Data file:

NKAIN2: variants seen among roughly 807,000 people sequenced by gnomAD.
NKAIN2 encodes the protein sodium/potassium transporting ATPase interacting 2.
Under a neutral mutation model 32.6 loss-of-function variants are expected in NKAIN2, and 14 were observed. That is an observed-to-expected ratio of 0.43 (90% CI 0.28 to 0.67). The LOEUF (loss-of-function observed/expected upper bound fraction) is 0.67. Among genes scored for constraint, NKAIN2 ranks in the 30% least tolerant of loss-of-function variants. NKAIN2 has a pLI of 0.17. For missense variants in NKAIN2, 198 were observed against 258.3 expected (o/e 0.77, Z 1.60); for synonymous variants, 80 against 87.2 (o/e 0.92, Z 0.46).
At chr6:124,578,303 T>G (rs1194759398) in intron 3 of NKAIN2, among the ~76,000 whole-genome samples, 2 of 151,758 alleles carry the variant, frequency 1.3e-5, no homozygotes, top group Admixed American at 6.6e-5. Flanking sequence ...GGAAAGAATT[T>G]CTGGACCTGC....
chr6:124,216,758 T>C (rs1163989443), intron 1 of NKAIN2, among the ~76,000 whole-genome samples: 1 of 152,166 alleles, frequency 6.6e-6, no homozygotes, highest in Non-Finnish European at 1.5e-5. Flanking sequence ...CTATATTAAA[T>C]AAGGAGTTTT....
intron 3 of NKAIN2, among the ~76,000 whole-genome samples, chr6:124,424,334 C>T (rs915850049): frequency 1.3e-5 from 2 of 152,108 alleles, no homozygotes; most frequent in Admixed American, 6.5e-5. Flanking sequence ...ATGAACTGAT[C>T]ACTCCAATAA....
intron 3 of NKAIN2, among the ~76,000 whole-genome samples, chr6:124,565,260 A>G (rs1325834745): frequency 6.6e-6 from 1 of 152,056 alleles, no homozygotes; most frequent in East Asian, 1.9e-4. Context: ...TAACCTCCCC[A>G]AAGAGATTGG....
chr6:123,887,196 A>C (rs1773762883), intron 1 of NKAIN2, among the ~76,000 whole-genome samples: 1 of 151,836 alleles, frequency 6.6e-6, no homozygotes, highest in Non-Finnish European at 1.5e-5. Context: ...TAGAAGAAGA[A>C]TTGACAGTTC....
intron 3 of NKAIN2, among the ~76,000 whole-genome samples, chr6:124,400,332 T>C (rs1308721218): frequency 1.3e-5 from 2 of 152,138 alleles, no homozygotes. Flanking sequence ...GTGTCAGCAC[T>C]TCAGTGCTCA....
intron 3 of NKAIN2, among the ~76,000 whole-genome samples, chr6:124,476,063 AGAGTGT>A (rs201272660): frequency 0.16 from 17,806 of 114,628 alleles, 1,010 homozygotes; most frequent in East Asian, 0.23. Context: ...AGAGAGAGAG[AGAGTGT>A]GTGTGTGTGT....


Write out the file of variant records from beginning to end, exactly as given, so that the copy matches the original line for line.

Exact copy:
NKAIN2: variants seen among roughly 807,000 people sequenced by gnomAD.
NKAIN2 encodes the protein sodium/potassium transporting ATPase interacting 2.
Under a neutral mutation model 32.6 loss-of-function variants are expected in NKAIN2, and 14 were observed. That is an observed-to-expected ratio of 0.43 (90% CI 0.28 to 0.67). The LOEUF (loss-of-function observed/expected upper bound fraction) is 0.67. Among genes scored for constraint, NKAIN2 ranks in the 30% least tolerant of loss-of-function variants. NKAIN2 has a pLI of 0.17. For missense variants in NKAIN2, 198 were observed against 258.3 expected (o/e 0.77, Z 1.60); for synonymous variants, 80 against 87.2 (o/e 0.92, Z 0.46).
At chr6:124,578,303 T>G (rs1194759398) in intron 3 of NKAIN2, among the ~76,000 whole-genome samples, 2 of 151,758 alleles carry the variant, frequency 1.3e-5, no homozygotes, top group Admixed American at 6.6e-5. Flanking sequence ...GGAAAGAATT[T>G]CTGGACCTGC....
chr6:124,216,758 T>C (rs1163989443), intron 1 of NKAIN2, among the ~76,000 whole-genome samples: 1 of 152,166 alleles, frequency 6.6e-6, no homozygotes, highest in Non-Finnish European at 1.5e-5. Flanking sequence ...CTATATTAAA[T>C]AAGGAGTTTT....
intron 3 of NKAIN2, among the ~76,000 whole-genome samples, chr6:124,424,334 C>T (rs915850049): frequency 1.3e-5 from 2 of 152,108 alleles, no homozygotes; most frequent in Admixed American, 6.5e-5. Flanking sequence ...ATGAACTGAT[C>T]ACTCCAATAA....
intron 3 of NKAIN2, among the ~76,000 whole-genome samples, chr6:124,565,260 A>G (rs1325834745): frequency 6.6e-6 from 1 of 152,056 alleles, no homozygotes; most frequent in East Asian, 1.9e-4. Context: ...TAACCTCCCC[A>G]AAGAGATTGG....
chr6:123,887,196 A>C (rs1773762883), intron 1 of NKAIN2, among the ~76,000 whole-genome samples: 1 of 151,836 alleles, frequency 6.6e-6, no homozygotes, highest in Non-Finnish European at 1.5e-5. Context: ...TAGAAGAAGA[A>C]TTGACAGTTC....
intron 3 of NKAIN2, among the ~76,000 whole-genome samples, chr6:124,400,332 T>C (rs1308721218): frequency 1.3e-5 from 2 of 152,138 alleles, no homozygotes. Flanking sequence ...GTGTCAGCAC[T>C]TCAGTGCTCA....
intron 3 of NKAIN2, among the ~76,000 whole-genome samples, chr6:124,476,063 AGAGTGT>A (rs201272660): frequency 0.16 from 17,806 of 114,628 alleles, 1,010 homozygotes; most frequent in East Asian, 0.23. Context: ...AGAGAGAGAG[AGAGTGT>A]GTGTGTGTGT....